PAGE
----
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178/Use of ablation index to understand lesion delivery in the era of contact force guided ablation for cavo-tricuspid isthmus dependent atrial flutter

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Published Online: Oct 3rd 2008 European Journal of Arrhythmia & Electrophysiology. 2019;5(Suppl. 1):abstr178
Authors: E Maclean (Presenting Author) – Queen Mary University of London, London, UK; R Simon – St Bartholomew’s Hospital, London, UK; G Dhillon – St Bartholomew’s Hospital, London, UK; S Ahsan – St Bartholomew’s Hospital, London, UK; R Hunter – St Bartholomew’s Hospital, London, UK; JM Behar – St Bartholomew’s Hospital, London, UK
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Introduction: Ablation Index (AI) integrates catheter power, contact force and time to better inform operators about lesion delivery, and has shown promise in delivering more enduring pulmonary vein isolation. Many centres including our own routinely use contact force sensing to guide lesion delivery for atrial flutter ablation. One may encounter anatomical challenges when delivering lesions to the cavo-tricuspid isthmus (CTI) and we hypothesised that AI may provide valuable insight for more challenging cases. We investigated the relationship between AI values and impedance drop (ID) when delivering contact force guided ablation for typical atrial flutter.

Methods: We selected a random cohort of 20 patients (75% male, mean age 64.1 ± 13.1 years, median LVEF 42%) who underwent catheter ablation of typical atrial flutter in 2017-2018 using 3D electro-anatomical mapping and a contact force sensing catheter (CARTO, Biosense Webster). Visitag data was loaded into a CARTO unit with the AI algorithm installed and AI was calculated (Watts/grams/seconds – wgs) for 436 ablation lesions. The CTI lesions were anatomically bisected into ventricular and IVC ends of the ablation line. Procedural safety, clinical outcomes and associations between AI and ID were explored.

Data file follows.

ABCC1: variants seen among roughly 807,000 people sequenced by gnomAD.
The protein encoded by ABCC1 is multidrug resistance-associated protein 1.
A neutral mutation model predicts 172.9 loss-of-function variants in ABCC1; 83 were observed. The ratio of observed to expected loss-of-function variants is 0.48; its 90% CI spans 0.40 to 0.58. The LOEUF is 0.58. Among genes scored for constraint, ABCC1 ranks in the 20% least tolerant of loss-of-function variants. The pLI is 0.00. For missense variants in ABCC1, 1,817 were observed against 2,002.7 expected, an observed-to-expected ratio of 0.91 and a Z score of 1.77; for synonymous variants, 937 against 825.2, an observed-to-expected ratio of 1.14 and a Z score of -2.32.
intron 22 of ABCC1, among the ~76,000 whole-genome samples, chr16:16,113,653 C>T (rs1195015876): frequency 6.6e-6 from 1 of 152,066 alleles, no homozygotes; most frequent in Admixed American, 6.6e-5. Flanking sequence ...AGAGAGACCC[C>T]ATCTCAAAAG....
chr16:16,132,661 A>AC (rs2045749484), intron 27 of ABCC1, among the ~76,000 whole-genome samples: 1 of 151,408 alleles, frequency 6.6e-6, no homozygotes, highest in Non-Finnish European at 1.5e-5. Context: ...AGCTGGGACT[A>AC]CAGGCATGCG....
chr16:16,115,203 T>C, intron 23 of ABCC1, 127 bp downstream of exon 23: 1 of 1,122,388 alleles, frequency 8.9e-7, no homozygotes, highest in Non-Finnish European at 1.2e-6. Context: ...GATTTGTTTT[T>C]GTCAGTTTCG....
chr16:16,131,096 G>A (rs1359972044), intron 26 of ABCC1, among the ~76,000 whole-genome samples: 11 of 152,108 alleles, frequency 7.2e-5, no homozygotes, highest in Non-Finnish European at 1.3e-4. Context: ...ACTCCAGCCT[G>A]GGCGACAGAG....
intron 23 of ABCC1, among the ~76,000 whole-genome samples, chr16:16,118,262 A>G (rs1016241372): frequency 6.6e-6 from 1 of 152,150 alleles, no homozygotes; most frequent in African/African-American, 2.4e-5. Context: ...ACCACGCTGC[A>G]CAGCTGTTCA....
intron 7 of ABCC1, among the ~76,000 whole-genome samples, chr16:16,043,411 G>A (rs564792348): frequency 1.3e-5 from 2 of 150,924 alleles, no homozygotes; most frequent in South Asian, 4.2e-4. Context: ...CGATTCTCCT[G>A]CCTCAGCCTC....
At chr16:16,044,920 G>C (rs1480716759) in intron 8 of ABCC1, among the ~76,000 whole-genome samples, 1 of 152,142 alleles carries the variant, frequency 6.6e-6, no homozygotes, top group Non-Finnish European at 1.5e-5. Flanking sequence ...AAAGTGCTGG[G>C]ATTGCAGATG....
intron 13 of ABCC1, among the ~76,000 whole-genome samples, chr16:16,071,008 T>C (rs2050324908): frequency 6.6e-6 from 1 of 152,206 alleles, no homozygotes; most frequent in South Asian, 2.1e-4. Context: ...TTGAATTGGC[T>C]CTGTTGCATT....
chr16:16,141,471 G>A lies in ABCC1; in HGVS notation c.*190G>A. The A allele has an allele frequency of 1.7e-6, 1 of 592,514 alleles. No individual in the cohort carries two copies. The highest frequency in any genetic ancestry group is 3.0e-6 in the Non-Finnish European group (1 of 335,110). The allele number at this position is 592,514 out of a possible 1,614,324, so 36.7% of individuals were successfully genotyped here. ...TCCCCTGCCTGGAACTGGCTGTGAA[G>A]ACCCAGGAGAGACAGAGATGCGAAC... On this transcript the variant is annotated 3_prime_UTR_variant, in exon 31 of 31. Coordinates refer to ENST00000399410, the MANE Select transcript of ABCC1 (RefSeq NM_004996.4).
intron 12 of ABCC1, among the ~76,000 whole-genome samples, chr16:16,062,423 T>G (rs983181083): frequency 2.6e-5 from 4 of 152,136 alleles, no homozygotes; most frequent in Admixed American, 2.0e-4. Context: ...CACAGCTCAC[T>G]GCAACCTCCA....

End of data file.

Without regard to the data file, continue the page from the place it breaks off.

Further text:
Results: There were no complications. Acute success (bidirectional block) was achieved in 100% of cases, but one recurrence of atrial flutter (5%) was seen during a mean follow-up of 6.6 ± 5.6 months. Mean AI for all lesions was 554 ± 133 wgs and mean ID 14.3 ± 8.9 Ohms; mean AI was similar between lesions at the ventricular and IVC margins (558 ± 131 wgs versus 548 ± 137 wgs, p=0.43) however mean ID was greater at the ventricular margin (15.4 ± 9.7 Ohms versus 13.3 ± 7.9 Ohms, p=0.014). There was no significant difference in mean ID between clusters of lesions delivered with an AI of 200–350 wgs (ID 12.3 ± 9.6 Ohms), 350–500 wgs (ID 13.4 ± 8.9 Ohms), or 500–650 wgs (ID 13.7 ± 8.2 Ohms, p=0.36). However, a significant increase in mean ID was seen in lesions where AI exceeded 650 wgs (ID 17.6 ± 9.5 Ohms, p=0.003), and mean AI was also found to be significantly higher in the one patient who suffered a recurrence (680 ± 120 wgs, p=0.0001).

Conclusion: Lesion ID cannot be used as a surrogate for the AI of a specific lesion when using contact force guided ablation for typical atrial flutter. These data may suggest we are currently ablating more than is necessary along the CTI. Prospective data with AI guided flutter ablation are needed to help inform physicians when deciding how much ablation is required during contact force guided flutter ablation.


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